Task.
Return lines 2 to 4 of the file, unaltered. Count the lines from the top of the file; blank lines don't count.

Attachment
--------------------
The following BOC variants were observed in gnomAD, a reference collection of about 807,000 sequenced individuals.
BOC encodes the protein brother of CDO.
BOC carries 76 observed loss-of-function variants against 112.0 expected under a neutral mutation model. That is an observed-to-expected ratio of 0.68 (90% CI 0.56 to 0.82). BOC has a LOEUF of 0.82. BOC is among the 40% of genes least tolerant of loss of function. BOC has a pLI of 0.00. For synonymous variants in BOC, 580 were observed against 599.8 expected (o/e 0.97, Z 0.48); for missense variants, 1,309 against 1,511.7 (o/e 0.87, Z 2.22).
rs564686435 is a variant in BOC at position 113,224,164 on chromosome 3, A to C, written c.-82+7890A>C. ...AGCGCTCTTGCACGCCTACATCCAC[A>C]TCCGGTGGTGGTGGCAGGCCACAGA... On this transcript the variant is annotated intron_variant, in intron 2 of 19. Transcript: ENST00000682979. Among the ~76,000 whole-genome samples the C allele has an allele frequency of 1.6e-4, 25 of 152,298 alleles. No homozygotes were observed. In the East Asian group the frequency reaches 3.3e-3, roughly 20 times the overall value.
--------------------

BOC encodes the protein brother of CDO.
BOC carries 76 observed loss-of-function variants against 112.0 expected under a neutral mutation model. That is an observed-to-expected ratio of 0.68 (90% CI 0.56 to 0.82). BOC has a LOEUF of 0.82. BOC is among the 40% of genes least tolerant of loss of function. BOC has a pLI of 0.00. For synonymous variants in BOC, 580 were observed against 599.8 expected (o/e 0.97, Z 0.48); for missense variants, 1,309 against 1,511.7 (o/e 0.87, Z 2.22).
rs564686435 is a variant in BOC at position 113,224,164 on chromosome 3, A to C, written c.-82+7890A>C. ...AGCGCTCTTGCACGCCTACATCCAC[A>C]TCCGGTGGTGGTGGCAGGCCACAGA... On this transcript the variant is annotated intron_variant, in intron 2 of 19. Transcript: ENST00000682979. Among the ~76,000 whole-genome samples the C allele has an allele frequency of 1.6e-4, 25 of 152,298 alleles. No homozygotes were observed. In the East Asian group the frequency reaches 3.3e-3, roughly 20 times the overall value.